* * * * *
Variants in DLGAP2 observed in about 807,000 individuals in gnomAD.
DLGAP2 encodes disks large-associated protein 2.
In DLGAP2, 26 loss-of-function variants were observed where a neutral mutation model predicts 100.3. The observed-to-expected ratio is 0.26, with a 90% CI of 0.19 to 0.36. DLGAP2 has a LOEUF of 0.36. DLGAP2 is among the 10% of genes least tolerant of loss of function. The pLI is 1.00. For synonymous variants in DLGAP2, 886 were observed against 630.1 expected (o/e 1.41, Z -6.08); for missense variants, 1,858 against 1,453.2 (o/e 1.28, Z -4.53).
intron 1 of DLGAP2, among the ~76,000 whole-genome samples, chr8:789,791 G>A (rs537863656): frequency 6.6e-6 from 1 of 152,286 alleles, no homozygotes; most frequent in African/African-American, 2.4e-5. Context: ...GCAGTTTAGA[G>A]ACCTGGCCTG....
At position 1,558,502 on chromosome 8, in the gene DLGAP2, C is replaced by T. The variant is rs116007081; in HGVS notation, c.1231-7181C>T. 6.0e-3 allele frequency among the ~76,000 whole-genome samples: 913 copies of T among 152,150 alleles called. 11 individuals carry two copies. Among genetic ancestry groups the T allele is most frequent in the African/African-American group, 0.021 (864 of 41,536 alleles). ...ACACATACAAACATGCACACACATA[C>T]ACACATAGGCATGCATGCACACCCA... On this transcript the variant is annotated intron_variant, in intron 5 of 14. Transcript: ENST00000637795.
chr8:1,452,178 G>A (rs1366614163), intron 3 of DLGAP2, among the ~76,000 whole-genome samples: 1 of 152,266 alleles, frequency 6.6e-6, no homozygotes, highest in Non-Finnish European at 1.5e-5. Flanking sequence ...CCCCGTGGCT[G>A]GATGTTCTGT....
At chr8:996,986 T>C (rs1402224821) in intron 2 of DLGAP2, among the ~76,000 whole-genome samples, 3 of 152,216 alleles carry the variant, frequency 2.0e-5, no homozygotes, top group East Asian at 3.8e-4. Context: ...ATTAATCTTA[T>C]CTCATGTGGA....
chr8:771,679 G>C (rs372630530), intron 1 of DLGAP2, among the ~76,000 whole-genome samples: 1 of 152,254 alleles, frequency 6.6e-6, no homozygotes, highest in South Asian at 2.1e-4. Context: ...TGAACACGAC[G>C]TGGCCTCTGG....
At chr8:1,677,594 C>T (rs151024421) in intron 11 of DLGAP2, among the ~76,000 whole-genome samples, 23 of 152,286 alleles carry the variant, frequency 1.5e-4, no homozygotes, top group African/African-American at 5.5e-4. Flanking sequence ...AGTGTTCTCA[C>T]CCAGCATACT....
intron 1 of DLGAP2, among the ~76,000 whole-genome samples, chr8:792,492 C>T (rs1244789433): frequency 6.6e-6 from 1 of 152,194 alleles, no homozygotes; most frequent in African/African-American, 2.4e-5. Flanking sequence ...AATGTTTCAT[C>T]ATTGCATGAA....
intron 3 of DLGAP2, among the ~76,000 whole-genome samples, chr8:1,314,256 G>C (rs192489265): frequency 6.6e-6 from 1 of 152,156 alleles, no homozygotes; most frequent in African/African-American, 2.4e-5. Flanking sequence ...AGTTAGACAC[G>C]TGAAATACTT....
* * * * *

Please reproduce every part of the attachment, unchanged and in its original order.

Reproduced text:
Variants in DLGAP2 observed in about 807,000 individuals in gnomAD.
DLGAP2 encodes disks large-associated protein 2.
In DLGAP2, 26 loss-of-function variants were observed where a neutral mutation model predicts 100.3. The observed-to-expected ratio is 0.26, with a 90% CI of 0.19 to 0.36. DLGAP2 has a LOEUF of 0.36. DLGAP2 is among the 10% of genes least tolerant of loss of function. The pLI is 1.00. For synonymous variants in DLGAP2, 886 were observed against 630.1 expected (o/e 1.41, Z -6.08); for missense variants, 1,858 against 1,453.2 (o/e 1.28, Z -4.53).
intron 1 of DLGAP2, among the ~76,000 whole-genome samples, chr8:789,791 G>A (rs537863656): frequency 6.6e-6 from 1 of 152,286 alleles, no homozygotes; most frequent in African/African-American, 2.4e-5. Context: ...GCAGTTTAGA[G>A]ACCTGGCCTG....
At position 1,558,502 on chromosome 8, in the gene DLGAP2, C is replaced by T. The variant is rs116007081; in HGVS notation, c.1231-7181C>T. 6.0e-3 allele frequency among the ~76,000 whole-genome samples: 913 copies of T among 152,150 alleles called. 11 individuals carry two copies. Among genetic ancestry groups the T allele is most frequent in the African/African-American group, 0.021 (864 of 41,536 alleles). ...ACACATACAAACATGCACACACATA[C>T]ACACATAGGCATGCATGCACACCCA... On this transcript the variant is annotated intron_variant, in intron 5 of 14. Transcript: ENST00000637795.
chr8:1,452,178 G>A (rs1366614163), intron 3 of DLGAP2, among the ~76,000 whole-genome samples: 1 of 152,266 alleles, frequency 6.6e-6, no homozygotes, highest in Non-Finnish European at 1.5e-5. Flanking sequence ...CCCCGTGGCT[G>A]GATGTTCTGT....
At chr8:996,986 T>C (rs1402224821) in intron 2 of DLGAP2, among the ~76,000 whole-genome samples, 3 of 152,216 alleles carry the variant, frequency 2.0e-5, no homozygotes, top group East Asian at 3.8e-4. Context: ...ATTAATCTTA[T>C]CTCATGTGGA....
chr8:771,679 G>C (rs372630530), intron 1 of DLGAP2, among the ~76,000 whole-genome samples: 1 of 152,254 alleles, frequency 6.6e-6, no homozygotes, highest in South Asian at 2.1e-4. Context: ...TGAACACGAC[G>C]TGGCCTCTGG....
At chr8:1,677,594 C>T (rs151024421) in intron 11 of DLGAP2, among the ~76,000 whole-genome samples, 23 of 152,286 alleles carry the variant, frequency 1.5e-4, no homozygotes, top group African/African-American at 5.5e-4. Flanking sequence ...AGTGTTCTCA[C>T]CCAGCATACT....
intron 1 of DLGAP2, among the ~76,000 whole-genome samples, chr8:792,492 C>T (rs1244789433): frequency 6.6e-6 from 1 of 152,194 alleles, no homozygotes; most frequent in African/African-American, 2.4e-5. Flanking sequence ...AATGTTTCAT[C>T]ATTGCATGAA....
intron 3 of DLGAP2, among the ~76,000 whole-genome samples, chr8:1,314,256 G>C (rs192489265): frequency 6.6e-6 from 1 of 152,156 alleles, no homozygotes; most frequent in African/African-American, 2.4e-5. Flanking sequence ...AGTTAGACAC[G>C]TGAAATACTT....